We're looking for new writers to join us!

E3 2012: Ni No Kuno: Wrath of the White Witch (Hands-on)

by: Matt -
More On: Ni No Kuni: Wrath of the White Witch E3 2012
I've said it before, and I'll say it again, E3 is no place for a hands-on experience with an RPG. The loud noise, the flashing lights, the impatient glare from the person waiting to play next, it all sours the experience. But that didn't stop me from making multiple trips to try out Ni No Kuni: Wrath of the White Witch at the Namco Bandai booth. I was at the few stations they had for the game a number of times over the three day show. Each time seeing something that got me more and more excited.

Screenshots have shown this game to look like something out of a Studio Ghibli production, and seeing the game in motion it is nothing short of astonishing, really, the team at Level 5 has made a game that looks the part of a Miyazaki epic. The cel-shaded look of the game leads to characters that seem like they could be 2D characters in an animated movie, while the colorful backdrops look like they were lifted from any number of Ghibli films. Even the monsters feel like they fit in perfectly with the game, which I think the previous work on Dragon Quest games helped to form enemies that fit in this world.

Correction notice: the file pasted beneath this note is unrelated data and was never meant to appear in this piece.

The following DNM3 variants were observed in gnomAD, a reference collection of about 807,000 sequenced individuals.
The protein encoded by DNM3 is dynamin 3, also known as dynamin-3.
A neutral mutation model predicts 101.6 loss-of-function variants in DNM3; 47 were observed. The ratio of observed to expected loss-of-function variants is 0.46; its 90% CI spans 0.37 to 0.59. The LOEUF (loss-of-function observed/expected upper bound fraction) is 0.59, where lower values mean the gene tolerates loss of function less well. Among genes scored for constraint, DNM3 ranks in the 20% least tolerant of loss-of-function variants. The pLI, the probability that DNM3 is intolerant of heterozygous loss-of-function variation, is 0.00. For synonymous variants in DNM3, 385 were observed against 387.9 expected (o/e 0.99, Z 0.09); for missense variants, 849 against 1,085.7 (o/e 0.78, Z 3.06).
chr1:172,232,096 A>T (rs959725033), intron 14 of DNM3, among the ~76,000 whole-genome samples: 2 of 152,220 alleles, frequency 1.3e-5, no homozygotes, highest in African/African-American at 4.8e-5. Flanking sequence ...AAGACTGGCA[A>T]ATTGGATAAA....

The super short demo (on a ten-minute timer?) gave players a chance to run around the countryside to fight enemies, or explore the town of Ding Dong Dell. The town was full of colorful NPCs that had a wide variety of designs, made up different species, clothing, genders, it felt full of life. The world map area was nice and colorful, and felt like a proper world map, with enemies roaming around looking for a fight.

Combat in the game took a bit of getting used to, but once I got the hang of it, it made sense. The main hero Oliver, can be the point for the party and can attack and cast magic on his own. Or he can summon a useful monster on screen that can employ more specialized attacks. Oliver will then hang back and the player issues commands to the monster. The other characters on screen would act independently and were useful in combat.

It wasn't much of a way to play Ni No Kuni, but the ten minute bursts had me hungry to play more. I'd constantly find myself back at the Namco Bandai booth and would hope for the line to not be too long. It was worth the wait every time though, and I'll be agonizing over the long wait til January when this game comes out.